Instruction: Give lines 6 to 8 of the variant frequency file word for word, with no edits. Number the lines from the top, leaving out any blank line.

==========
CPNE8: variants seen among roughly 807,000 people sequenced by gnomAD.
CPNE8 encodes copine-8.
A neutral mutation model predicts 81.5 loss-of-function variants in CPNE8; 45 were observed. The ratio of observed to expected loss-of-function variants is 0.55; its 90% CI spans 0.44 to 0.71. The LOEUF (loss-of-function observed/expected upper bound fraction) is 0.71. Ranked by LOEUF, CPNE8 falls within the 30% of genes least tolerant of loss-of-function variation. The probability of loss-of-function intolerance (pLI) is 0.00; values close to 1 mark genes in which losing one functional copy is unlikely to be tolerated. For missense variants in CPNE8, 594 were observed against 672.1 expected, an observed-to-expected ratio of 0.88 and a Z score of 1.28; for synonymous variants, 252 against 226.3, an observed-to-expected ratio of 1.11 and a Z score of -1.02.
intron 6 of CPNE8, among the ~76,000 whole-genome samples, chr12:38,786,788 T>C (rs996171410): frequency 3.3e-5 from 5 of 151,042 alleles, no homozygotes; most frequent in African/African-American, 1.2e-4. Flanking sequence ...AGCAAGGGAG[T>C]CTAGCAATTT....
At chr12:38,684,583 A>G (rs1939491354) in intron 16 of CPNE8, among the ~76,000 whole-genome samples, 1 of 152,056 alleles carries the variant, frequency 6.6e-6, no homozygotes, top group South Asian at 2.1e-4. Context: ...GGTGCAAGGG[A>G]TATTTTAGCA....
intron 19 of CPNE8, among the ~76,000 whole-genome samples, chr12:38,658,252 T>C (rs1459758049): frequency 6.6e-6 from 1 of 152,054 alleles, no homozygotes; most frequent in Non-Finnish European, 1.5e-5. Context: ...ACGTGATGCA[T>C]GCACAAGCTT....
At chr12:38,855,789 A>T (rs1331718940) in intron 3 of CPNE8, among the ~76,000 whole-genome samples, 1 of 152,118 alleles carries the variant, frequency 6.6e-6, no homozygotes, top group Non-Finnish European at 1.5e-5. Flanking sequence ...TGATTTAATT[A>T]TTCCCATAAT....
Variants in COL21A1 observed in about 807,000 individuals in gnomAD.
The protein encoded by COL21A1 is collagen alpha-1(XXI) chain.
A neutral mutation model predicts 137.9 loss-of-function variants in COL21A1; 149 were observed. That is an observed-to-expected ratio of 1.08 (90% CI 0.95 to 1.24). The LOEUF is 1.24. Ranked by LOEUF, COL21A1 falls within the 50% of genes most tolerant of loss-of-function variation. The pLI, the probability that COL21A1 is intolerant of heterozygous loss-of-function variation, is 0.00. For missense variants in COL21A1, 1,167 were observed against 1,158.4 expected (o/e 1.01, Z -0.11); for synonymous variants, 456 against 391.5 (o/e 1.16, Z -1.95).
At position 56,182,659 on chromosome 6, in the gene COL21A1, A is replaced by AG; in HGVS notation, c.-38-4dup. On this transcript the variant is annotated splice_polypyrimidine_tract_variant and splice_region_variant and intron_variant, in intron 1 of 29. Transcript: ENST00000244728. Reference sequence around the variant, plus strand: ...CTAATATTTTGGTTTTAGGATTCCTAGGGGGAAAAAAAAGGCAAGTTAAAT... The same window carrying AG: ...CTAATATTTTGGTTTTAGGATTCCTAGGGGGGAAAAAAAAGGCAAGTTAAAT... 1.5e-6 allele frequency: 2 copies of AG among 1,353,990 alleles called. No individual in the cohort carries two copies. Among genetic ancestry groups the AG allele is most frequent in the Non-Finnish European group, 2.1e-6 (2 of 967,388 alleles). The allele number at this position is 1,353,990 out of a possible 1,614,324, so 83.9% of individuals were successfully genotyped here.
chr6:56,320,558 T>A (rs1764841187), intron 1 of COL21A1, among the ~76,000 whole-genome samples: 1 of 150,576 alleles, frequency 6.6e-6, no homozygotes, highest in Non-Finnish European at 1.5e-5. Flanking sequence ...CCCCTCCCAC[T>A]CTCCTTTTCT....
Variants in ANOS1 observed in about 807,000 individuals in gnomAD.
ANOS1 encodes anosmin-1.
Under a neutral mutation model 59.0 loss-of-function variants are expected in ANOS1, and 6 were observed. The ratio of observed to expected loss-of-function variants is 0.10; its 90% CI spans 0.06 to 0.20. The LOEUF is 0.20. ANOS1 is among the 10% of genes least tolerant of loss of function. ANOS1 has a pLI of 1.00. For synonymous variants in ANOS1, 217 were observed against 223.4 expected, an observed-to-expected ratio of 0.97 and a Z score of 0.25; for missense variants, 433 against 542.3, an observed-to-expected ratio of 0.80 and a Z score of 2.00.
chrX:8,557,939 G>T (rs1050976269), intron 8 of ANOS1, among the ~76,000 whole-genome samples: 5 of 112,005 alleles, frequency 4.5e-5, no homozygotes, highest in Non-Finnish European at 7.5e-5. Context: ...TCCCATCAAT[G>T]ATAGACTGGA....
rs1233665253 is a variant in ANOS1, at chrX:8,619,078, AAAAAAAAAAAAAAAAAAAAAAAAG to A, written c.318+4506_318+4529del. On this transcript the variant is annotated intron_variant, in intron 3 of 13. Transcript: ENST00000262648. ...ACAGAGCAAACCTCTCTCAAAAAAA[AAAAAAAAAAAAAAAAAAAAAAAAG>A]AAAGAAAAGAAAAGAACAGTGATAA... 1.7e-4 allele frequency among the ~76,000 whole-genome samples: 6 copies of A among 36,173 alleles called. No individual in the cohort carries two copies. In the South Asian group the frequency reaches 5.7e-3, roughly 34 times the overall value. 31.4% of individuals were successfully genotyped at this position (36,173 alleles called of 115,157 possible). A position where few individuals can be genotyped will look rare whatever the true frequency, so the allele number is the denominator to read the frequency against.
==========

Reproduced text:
intron 19 of CPNE8, among the ~76,000 whole-genome samples, chr12:38,658,252 T>C (rs1459758049): frequency 6.6e-6 from 1 of 152,054 alleles, no homozygotes; most frequent in Non-Finnish European, 1.5e-5. Context: ...ACGTGATGCA[T>C]GCACAAGCTT....
At chr12:38,855,789 A>T (rs1331718940) in intron 3 of CPNE8, among the ~76,000 whole-genome samples, 1 of 152,118 alleles carries the variant, frequency 6.6e-6, no homozygotes, top group Non-Finnish European at 1.5e-5. Flanking sequence ...TGATTTAATT[A>T]TTCCCATAAT....
Variants in COL21A1 observed in about 807,000 individuals in gnomAD.